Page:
A curriculum project centered around the news gives young children a way to become meaningfully involved with different kinds of events and provides rich opportunities to incorporate basic skills teaching. One 1st grade classroom began working on such a project last fall. The teacher introduced the project on the second day of school with a discussion about what students knew about the news. They came up with examples of several kinds of news that focused primarily on themselves and their own personal experiences. Then the students wrote “news stories” each week to share with the class.
In their first written news reports, almost all students described their own pets, family outings, and sports activities. To try to broaden the students' definitions of acceptable news, the teacher gave a report about an e-mail message that she “just received from a friend in a faraway country named Bahrain—in a place called the Middle East.” Immediately two students said that they had heard of the Middle East. When asked what they had heard, one student responded, “Afghanistan, I think that's in the Middle East.” The word “Afghanistan” led to seven hands shooting up. Students made such comments as “I heard that the terrorists who bombed the World Trade Center came from Afghanistan.” “I think the terrorists must have worn costumes so no one could recognize them.” “I went to the World Trade Center when I was 5.” (Young children almost always relate what they hear to themselves and their own experience.)
At later meetings, students continued to write news about themselves in addition to news from the wider world, including stories about the serial sniper in the Washington, D.C., area, the possible war with Iraq, and various robberies. Their ideas about what constitutes news continued to expand to such topics as professional sports teams, the weather, book and movie reviews, and health news. They discussed how to write headlines, how to illustrate their stories, and how reporters conduct interviews to get more information. Then the class began to plan for producing its own class newspaper.
Throughout this activity, the teacher made sure to communicate regularly with parents about the class discussions, including suggestions for how to talk about news issues when children raised them at home. The teacher also tried to bring in positive stories in the news—examples of people helping people in big and small ways—so that the students could see that although bad things happen, many people are working hard to create a caring and peaceful world.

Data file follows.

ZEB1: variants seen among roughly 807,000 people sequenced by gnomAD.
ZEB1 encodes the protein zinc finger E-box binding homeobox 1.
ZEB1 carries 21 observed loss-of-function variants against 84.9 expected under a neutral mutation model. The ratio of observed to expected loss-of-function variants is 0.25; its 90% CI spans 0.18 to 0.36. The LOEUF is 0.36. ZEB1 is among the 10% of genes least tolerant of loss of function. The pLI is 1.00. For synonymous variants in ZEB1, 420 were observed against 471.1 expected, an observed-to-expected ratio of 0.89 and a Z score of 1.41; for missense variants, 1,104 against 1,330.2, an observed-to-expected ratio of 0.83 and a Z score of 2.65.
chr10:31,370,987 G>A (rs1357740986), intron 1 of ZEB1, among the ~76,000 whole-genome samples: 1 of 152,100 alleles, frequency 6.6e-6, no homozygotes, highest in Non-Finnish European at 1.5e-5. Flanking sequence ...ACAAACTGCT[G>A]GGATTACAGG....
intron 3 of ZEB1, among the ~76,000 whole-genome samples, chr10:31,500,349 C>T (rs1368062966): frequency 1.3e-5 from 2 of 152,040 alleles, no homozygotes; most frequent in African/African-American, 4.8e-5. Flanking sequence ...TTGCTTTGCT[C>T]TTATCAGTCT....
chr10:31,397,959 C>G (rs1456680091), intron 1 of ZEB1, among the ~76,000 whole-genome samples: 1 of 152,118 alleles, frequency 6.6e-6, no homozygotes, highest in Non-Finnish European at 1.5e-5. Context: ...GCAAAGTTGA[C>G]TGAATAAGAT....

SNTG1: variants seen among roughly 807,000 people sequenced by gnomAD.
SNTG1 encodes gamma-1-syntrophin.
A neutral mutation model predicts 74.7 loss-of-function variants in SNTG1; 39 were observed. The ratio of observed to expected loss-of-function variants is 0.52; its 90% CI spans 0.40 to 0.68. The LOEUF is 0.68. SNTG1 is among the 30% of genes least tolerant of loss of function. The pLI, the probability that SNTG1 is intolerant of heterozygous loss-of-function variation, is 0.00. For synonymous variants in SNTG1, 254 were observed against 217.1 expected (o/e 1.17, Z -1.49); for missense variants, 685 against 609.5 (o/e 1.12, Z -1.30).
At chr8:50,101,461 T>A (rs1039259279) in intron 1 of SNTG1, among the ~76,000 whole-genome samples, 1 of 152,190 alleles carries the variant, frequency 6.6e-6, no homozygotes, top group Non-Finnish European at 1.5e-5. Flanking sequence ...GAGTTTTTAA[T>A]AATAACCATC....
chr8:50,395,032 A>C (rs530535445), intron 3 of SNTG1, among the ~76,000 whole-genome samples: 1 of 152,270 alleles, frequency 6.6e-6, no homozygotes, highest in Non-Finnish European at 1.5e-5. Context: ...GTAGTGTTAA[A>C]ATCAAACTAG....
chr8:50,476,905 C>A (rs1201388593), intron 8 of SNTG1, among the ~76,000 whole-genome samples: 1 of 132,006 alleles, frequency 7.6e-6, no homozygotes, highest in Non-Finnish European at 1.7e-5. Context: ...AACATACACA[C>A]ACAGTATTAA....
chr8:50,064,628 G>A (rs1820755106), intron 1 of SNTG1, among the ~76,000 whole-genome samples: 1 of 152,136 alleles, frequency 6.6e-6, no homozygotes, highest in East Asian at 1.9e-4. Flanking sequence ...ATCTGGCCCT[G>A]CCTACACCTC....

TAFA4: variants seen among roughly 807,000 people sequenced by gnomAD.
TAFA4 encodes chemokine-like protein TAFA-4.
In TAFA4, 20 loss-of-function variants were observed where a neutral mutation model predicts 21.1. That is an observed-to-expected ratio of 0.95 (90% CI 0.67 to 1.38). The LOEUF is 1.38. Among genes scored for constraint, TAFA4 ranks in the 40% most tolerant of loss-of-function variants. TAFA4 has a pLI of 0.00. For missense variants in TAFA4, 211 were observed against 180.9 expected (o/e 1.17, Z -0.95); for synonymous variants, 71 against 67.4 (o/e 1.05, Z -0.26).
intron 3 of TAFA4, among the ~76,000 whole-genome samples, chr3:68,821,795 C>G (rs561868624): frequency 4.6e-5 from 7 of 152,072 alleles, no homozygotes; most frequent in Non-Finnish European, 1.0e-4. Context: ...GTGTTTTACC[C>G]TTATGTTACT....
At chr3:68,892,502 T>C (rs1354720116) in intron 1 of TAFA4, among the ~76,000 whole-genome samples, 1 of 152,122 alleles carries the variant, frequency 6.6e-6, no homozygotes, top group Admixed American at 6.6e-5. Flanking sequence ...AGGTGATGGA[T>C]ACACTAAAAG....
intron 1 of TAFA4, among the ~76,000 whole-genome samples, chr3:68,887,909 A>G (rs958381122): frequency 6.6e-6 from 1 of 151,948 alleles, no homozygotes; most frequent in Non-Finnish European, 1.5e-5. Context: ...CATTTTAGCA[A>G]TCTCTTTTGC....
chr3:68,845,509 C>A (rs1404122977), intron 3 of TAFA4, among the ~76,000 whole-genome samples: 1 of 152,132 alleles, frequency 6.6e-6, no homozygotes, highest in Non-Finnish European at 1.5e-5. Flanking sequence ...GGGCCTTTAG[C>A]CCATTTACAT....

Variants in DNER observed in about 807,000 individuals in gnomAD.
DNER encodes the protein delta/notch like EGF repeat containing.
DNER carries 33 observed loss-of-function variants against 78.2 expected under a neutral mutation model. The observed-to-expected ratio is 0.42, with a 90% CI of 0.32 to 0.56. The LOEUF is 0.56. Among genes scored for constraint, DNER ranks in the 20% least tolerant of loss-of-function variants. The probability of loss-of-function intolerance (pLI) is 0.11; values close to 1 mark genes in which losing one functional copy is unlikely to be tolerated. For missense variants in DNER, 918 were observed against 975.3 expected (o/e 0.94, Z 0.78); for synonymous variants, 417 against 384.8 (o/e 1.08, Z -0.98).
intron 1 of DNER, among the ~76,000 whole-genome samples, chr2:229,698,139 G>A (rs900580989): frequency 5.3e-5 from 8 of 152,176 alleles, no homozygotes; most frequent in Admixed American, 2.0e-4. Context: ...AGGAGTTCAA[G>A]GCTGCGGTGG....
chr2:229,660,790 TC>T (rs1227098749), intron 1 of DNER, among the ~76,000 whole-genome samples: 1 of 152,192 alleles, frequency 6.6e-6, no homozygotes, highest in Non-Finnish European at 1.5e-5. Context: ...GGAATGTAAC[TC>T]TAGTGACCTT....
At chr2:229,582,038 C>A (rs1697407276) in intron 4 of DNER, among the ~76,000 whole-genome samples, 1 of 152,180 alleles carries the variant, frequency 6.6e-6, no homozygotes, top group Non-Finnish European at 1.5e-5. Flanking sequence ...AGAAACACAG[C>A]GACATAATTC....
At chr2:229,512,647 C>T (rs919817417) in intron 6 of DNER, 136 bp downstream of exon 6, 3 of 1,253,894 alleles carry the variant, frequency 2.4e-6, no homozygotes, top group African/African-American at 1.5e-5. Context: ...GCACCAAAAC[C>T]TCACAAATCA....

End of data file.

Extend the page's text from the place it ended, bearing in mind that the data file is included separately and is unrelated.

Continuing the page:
We live in a period of increasing pressure to focus the early school years on teaching basic academic skills, often at the expense of addressing other pressing needs. As educators, we must take seriously our responsibility to help our youngest students deal with the violence that they hear about. By making their responses to the news a legitimate part of the early childhood curriculum, we will contribute to students' overall sense of safety and well-being, a necessary condition for effective learning to occur. We will also begin the process of helping students learn alternatives to violence and build the foundation they need to live together in peace.
Cantor, J. (1998). “Mommy, I'm scared!” How TV and movies frighten children and what we can do to protect them. New York: Harcourt Brace.
Garbarino, J., Dubrow, N., Kostelny, K., & Pardo, C. (1992). Children in danger: Coping with the effects of community violence. San Francisco: Jossey-Bass.
Greenman, J. (2001). What happened to the world: Helping children cope in turbulent times. Watertown, MA: Bright Horizons.
Grossman, D., & DeGaetano, G. (1999). Stop teaching our kids to kill: A call to action against TV, movie, and video game violence. New York: Crown Publishing Group.
Groves, B. M. (2002). Children who see too much: Lessons from the Child Witness to Violence project. Boston: Beacon Press.
Lantieri, L., Diener, S., Jones, S., & Berman, S. (1999). Talking to children about violence and other sensitive and complex issues in the world. Cambridge, MA: Educators for Social Responsibility. [Online]. Available: www.esrnational.org/guide.htm
Levin, D. E. (1998). Remote control childhood? Combating the hazards of media culture. Washington, DC: National Association for the Education of Young Children.
Author's note: I would appreciate hearing from readers who have experiences with children on the issues discussed in this article.
Diane E. Levin is a professor of education at Wheelock College in Boston, Massachusetts;
email@example.com. She is the author of the forthcoming book Teaching Young Children in Violent Times: Building a Peaceable Classroom (2nd ed., Educators for Social Responsibility and National Association for the Education of Young Children, in press).
Copyright © 2003 by Association for Supervision and Curriculum Development